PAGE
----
Unionist leaders are still adept at conjuring inflammatory language and in a zero-sum society where the First Minister can admonish loyalist rioters as ‘an embarrassment’ and in the same Tweet state that burning a bus out can ‘only serve to take the focus off the real law breakers in Sinn Fein’ one can only imagine how this filters down to those on the ground. Furthermore David Campbell, the chair of the Loyalist Communities Council – a brainchild of former Blair Chief of Staff Jonathan Powell – told a local radio show in February that it may be necessary to “fight physically to maintain our freedoms within the UK.” Although I understand he was admonished by the leadership of the UVF/RHC for this claim, the LCC has since advocated collapsing Stormont if the Irish Sea border remains in place. There has been no clear indication of what would replace the Northern Ireland Assembly and the threat of a ‘physical fight’ was chillingly ambiguous to those who are aware of the excesses of sectarian violence.
A former member of the Red Hand Commando that I was speaking to last week said ‘Bill Craig, Ian Paisley and Austin Ardill weren’t responsible for putting me in jail, but they certainly didn’t help the matter.’ These are direct warnings from history. We ignore them at our cost.
The situation in 2021 does not bear comparison to the early 1970s. Republican strategy has moved on exponentially since the hunger strikes of 1980-81 injected a vitality into the gradual shift from the armalite to the ballot box to establishment politics. On the other hand loyalists are a generation or two behind republicans in nearly every area of importance. While neither poorer Protestants or Catholics have truly benefited from the peace dividend, there is a transparent sense of hopelessness in places like the Shankill. Community organisation is more fractured than in the republican community where a Catholic ethos of cohesion stands in stark contrast to the individualistic nature of Protestant dissent. Republican west Belfast has had the Féile an Phobail for over thirty years and now attracts speakers and acts of international renown.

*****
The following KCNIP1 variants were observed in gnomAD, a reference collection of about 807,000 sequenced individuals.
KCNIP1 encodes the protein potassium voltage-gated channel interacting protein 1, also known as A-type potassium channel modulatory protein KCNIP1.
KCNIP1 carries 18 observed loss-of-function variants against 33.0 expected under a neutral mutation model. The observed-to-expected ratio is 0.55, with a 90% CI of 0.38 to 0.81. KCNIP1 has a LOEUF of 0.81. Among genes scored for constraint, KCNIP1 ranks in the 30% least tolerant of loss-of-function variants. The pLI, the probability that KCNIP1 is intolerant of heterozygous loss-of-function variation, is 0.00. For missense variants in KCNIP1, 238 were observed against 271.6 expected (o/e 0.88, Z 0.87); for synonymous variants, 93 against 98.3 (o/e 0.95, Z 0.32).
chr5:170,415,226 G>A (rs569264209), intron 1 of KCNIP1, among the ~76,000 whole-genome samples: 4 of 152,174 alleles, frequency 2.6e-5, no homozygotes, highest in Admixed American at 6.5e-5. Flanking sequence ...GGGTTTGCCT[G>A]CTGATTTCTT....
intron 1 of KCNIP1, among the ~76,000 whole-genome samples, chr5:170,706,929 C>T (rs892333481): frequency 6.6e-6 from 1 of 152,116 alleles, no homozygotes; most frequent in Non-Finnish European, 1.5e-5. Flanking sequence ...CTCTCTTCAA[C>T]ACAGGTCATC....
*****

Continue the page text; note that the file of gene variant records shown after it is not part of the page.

The physical contrast between the Shankill and the Falls is stark. The latter appears on the surface to be vibrant while the former has never truly recovered from decades of violence and poorly-planned redevelopment.
Into the mix the loyalist community has many anxieties. As well as the Irish Sea border there is the knowledge that nationalists and republicans are intent on a unity referendum and appear to be confident about its chances of success. Scottish independence was defeated in 2014 but Brexit has reconfigured the shape and future of the union irreversibly.
As a then 15-year-old in 1971 Billy Hutchinson was seen by older UVF men as a potential leader. Hutchinson and many other young loyalists were self-starters, organising small paramilitary groups from the Tartan. They didn’t need adult approval for what they were doing, though they had it in spades. It’s now people of Hutchinson’s generation – those who spent decades in Long Kesh – who are advocating the politicisation of young loyalists. Hutchinson has spoken repeatedly in recent days of not wanting young people to end up with life-changing criminal records.
In the twenty-three years since the Agreement of 1998 many of these young men have been conditioned to see that there is no future for them in the new economic landscape of Belfast. After many frustrating months of lockdown, and with the neurosis fed to young loyalists by those with a craven agenda it can only be hoped that the men of the early 1970s who were tutored in prison by Gusty Spence are now the people that these teenagers ultimately listen to.